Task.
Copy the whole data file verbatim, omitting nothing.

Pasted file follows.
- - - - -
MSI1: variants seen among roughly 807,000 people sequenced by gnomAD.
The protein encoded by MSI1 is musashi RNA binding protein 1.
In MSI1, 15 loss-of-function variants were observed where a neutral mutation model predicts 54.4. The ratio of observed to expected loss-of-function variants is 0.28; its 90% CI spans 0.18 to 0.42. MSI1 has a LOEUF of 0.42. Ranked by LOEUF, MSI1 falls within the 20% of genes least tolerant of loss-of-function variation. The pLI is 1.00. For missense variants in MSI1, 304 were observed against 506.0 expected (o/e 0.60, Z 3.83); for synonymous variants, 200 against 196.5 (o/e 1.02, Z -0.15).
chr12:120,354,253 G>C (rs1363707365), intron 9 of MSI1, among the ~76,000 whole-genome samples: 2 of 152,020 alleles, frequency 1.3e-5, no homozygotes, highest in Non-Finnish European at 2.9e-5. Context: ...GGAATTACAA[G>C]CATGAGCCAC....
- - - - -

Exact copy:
MSI1: variants seen among roughly 807,000 people sequenced by gnomAD.
The protein encoded by MSI1 is musashi RNA binding protein 1.
In MSI1, 15 loss-of-function variants were observed where a neutral mutation model predicts 54.4. The ratio of observed to expected loss-of-function variants is 0.28; its 90% CI spans 0.18 to 0.42. MSI1 has a LOEUF of 0.42. Ranked by LOEUF, MSI1 falls within the 20% of genes least tolerant of loss-of-function variation. The pLI is 1.00. For missense variants in MSI1, 304 were observed against 506.0 expected (o/e 0.60, Z 3.83); for synonymous variants, 200 against 196.5 (o/e 1.02, Z -0.15).
chr12:120,354,253 G>C (rs1363707365), intron 9 of MSI1, among the ~76,000 whole-genome samples: 2 of 152,020 alleles, frequency 1.3e-5, no homozygotes, highest in Non-Finnish European at 2.9e-5. Context: ...GGAATTACAA[G>C]CATGAGCCAC....